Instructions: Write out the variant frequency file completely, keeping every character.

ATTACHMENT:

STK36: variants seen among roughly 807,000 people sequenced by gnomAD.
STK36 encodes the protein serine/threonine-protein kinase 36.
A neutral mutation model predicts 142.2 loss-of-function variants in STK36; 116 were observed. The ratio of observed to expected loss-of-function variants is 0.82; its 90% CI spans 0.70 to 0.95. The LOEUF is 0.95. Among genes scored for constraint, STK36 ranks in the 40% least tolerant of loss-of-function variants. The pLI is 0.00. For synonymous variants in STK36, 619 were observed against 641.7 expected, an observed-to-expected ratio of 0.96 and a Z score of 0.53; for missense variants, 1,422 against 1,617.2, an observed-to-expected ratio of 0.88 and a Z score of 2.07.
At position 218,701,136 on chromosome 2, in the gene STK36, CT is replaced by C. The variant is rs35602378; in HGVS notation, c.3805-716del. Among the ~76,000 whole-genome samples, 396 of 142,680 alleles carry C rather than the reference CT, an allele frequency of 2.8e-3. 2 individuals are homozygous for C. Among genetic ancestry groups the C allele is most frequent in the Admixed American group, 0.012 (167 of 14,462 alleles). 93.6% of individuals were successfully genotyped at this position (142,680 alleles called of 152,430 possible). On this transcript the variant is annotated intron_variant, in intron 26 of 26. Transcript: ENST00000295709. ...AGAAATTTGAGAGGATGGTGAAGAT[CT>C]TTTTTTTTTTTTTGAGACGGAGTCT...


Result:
STK36: variants seen among roughly 807,000 people sequenced by gnomAD.
STK36 encodes the protein serine/threonine-protein kinase 36.
A neutral mutation model predicts 142.2 loss-of-function variants in STK36; 116 were observed. The ratio of observed to expected loss-of-function variants is 0.82; its 90% CI spans 0.70 to 0.95. The LOEUF is 0.95. Among genes scored for constraint, STK36 ranks in the 40% least tolerant of loss-of-function variants. The pLI is 0.00. For synonymous variants in STK36, 619 were observed against 641.7 expected, an observed-to-expected ratio of 0.96 and a Z score of 0.53; for missense variants, 1,422 against 1,617.2, an observed-to-expected ratio of 0.88 and a Z score of 2.07.
At position 218,701,136 on chromosome 2, in the gene STK36, CT is replaced by C. The variant is rs35602378; in HGVS notation, c.3805-716del. Among the ~76,000 whole-genome samples, 396 of 142,680 alleles carry C rather than the reference CT, an allele frequency of 2.8e-3. 2 individuals are homozygous for C. Among genetic ancestry groups the C allele is most frequent in the Admixed American group, 0.012 (167 of 14,462 alleles). 93.6% of individuals were successfully genotyped at this position (142,680 alleles called of 152,430 possible). On this transcript the variant is annotated intron_variant, in intron 26 of 26. Transcript: ENST00000295709. ...AGAAATTTGAGAGGATGGTGAAGAT[CT>C]TTTTTTTTTTTTTGAGACGGAGTCT...